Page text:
Hold the Lions
Guest columnist Ray Bell reflects on the political importance of sporting propaganda and asks: “What one thing does hold the Lions together? A vague Victorian sense of Britishness. And if that’s too subtle for you – why do they play nearly all their games are against former colonies?”
With the current furore over the creation of Team GB – the British Olympic football team – it is about time that a similar institution underwent the same kind of scrutiny. I’m talking of course, of rugby’s British and Irish Lions.
Some might argue I’m picking a soft target here, but I’d argue otherwise. The British Lions rarely get the attention they deserve, and there is an irritating notion that all Scottish rugby fans are somehow silent supporters of the concept. Not so. While many of Scottish rugby’s great and good, the likes of Gavin Hastings and Ian McGeechan, may have got onboard, we still can’t get away from the fact that the Lions are essentially political. Metapolitical perhaps. Maybe it’s the assumption we’re all good Brits together. Maybe it’s the assumption that apartheid was never to be discussed. Maybe it’s the fact that the very first Lions tour to South Africa was underwritten by the white supremacist governor Cecil Rhodes, and it’s been mostly downhill from there…
Of course, rugby’s long had an image problem in Scotland. People assume – wrongly – that it is just a private school game. Well, while there are those who help perpetuate this stereotype – including one or two within the SRU itself – it’s not completely true. Certainly not in the Borders. Nor in dozens of other regions including the Pacific nations, South Wales, Munster & Limerick, or the English West Country…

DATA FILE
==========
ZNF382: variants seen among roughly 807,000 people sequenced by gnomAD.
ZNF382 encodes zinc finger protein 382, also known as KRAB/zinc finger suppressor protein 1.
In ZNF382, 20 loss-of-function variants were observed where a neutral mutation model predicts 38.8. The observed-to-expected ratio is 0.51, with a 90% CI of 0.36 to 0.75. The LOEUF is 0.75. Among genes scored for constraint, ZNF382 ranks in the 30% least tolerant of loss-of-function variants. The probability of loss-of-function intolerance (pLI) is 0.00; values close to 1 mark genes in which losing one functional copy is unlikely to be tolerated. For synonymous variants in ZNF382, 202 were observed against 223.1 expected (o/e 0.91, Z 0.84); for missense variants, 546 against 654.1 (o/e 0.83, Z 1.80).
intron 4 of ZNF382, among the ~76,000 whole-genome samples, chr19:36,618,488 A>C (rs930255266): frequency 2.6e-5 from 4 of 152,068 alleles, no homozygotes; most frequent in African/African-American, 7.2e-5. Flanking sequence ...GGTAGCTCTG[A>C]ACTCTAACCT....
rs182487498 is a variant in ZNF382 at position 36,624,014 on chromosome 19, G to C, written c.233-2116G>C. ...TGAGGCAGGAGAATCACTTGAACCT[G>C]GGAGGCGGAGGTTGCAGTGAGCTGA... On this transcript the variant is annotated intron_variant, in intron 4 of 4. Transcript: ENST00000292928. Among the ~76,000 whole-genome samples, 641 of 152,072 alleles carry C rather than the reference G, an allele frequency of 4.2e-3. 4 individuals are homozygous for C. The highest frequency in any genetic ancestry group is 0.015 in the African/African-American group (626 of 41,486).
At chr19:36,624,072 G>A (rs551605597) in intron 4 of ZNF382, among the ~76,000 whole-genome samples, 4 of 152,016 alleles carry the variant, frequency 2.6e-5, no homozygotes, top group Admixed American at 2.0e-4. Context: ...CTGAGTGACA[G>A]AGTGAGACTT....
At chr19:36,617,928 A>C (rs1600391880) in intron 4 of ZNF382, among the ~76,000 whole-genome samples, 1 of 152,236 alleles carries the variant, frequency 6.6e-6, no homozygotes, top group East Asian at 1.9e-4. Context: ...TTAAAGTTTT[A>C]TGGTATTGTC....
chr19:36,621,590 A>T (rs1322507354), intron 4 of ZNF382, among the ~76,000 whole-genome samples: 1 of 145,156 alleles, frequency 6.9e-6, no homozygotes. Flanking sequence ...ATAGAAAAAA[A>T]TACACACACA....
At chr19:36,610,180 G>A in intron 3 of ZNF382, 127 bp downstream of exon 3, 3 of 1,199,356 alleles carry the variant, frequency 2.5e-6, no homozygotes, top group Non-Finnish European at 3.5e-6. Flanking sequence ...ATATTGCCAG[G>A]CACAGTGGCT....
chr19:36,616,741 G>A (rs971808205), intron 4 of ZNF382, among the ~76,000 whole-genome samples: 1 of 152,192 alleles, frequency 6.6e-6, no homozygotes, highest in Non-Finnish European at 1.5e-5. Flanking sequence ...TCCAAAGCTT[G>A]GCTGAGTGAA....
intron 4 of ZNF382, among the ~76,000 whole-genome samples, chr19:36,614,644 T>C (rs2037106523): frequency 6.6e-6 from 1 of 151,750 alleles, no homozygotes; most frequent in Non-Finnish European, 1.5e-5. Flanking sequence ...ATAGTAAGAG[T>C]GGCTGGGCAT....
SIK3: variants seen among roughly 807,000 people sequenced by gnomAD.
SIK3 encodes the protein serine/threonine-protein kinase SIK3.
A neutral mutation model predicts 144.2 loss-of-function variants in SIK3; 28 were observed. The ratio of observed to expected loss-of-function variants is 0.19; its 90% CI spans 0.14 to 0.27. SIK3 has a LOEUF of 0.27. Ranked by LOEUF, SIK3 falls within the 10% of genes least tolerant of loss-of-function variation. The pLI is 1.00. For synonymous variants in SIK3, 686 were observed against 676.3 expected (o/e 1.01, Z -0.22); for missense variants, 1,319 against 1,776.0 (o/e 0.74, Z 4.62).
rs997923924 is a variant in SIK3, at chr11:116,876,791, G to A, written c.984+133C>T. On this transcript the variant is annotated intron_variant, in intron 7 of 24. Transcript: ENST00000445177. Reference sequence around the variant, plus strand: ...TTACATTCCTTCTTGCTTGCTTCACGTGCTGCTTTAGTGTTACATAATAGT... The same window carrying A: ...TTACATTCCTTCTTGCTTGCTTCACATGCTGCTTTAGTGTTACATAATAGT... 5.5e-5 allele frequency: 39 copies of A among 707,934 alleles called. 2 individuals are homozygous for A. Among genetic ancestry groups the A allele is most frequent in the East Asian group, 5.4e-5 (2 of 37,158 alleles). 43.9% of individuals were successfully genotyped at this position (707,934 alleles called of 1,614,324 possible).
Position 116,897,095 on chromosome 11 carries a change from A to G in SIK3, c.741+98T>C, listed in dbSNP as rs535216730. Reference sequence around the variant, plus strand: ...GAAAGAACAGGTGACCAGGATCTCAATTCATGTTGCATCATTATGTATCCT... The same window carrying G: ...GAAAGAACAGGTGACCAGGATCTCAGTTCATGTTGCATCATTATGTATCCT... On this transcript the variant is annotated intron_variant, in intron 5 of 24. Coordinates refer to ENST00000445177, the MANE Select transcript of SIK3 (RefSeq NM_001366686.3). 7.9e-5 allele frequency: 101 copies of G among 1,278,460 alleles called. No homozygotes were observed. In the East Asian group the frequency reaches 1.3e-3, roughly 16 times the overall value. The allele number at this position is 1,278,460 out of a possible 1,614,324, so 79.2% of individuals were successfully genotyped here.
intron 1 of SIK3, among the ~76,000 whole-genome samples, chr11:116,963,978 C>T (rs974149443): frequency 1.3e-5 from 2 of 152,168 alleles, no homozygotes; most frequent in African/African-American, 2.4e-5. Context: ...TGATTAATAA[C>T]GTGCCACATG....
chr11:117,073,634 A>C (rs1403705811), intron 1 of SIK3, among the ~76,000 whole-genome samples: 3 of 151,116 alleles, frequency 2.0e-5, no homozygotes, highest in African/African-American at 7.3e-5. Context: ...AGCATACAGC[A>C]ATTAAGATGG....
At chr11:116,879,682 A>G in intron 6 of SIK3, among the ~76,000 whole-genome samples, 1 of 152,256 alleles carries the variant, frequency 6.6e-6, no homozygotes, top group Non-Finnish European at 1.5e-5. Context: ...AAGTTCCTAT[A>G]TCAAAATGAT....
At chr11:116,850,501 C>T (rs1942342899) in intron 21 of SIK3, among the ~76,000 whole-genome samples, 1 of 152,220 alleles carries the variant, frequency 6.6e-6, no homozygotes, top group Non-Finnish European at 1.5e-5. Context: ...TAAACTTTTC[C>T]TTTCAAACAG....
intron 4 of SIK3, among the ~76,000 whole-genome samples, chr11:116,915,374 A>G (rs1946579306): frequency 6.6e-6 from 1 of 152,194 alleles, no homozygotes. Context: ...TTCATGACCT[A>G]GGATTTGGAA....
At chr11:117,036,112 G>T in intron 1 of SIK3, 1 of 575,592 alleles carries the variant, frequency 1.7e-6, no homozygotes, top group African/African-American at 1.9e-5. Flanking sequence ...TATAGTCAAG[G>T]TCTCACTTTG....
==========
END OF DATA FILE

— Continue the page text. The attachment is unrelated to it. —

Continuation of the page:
Because a lot of rugby’s historical problems have usually not been party political, a number of the people involved have either ignored them, or denied that they were political at all. (This includes, incidentally some of the more lukewarm supporters of Scottish independence.) The SRU manufactures consent all the time. It occurs when they parade Princess Anne or the British military around Murrayfield. It has occurred with the British Lions, and not just because they are a Unionist institution either. But then again, clichés and manufactured consent aside, fans of rugby come in all varieties – just most other sports.
All Blacks and Whites Only
The Lions have a fondness for South Africa. Always have done. And why should a little racial segregation get in the way? Their first very official tour went there in 1891 with the full blessing of the RFU, and the kindly backing of Cecil Rhodes who controlled Cape Colony at the time. Obviously Rhodes knew full well what he was doing. The tour would be a good way to attract more loyal white settlers, and not ones of the troublesome Dutch variety either. The team consisted mostly of players from Cambridge University, so there wouldn’t be any trouble that way either. The Lions may have played in Australia and New Zealand, but their heart was in South Africa.
Up until the 1970s, the Lions would also play East Africa, a team which mostly consisted of Kenyan “White Highlanders”, and Rhodesia, the country which Cecil had so humbly named after himself. And so it went, for decades. The Lions played in the most racially segregated countries in English speaking Africa up until 1980. But from the 1960s onwards, other people began to notice. As the sports journalist David Frost (not that one) wrote in his book on rugby touring, No Prisoners (1978):
“For years now the media have been telling us that if we play sport against South Africa we are condoning apartheid. To most sportsmen this is rubbish… If he plays in the USA it does not mean that he approves of the political doctrines of President Carter. I remember one of the leading Lions in New Zealand in 1977 saying… that he would give his right arm to go on another tour of South Africa. The politics of South Africa did not enter his mind.”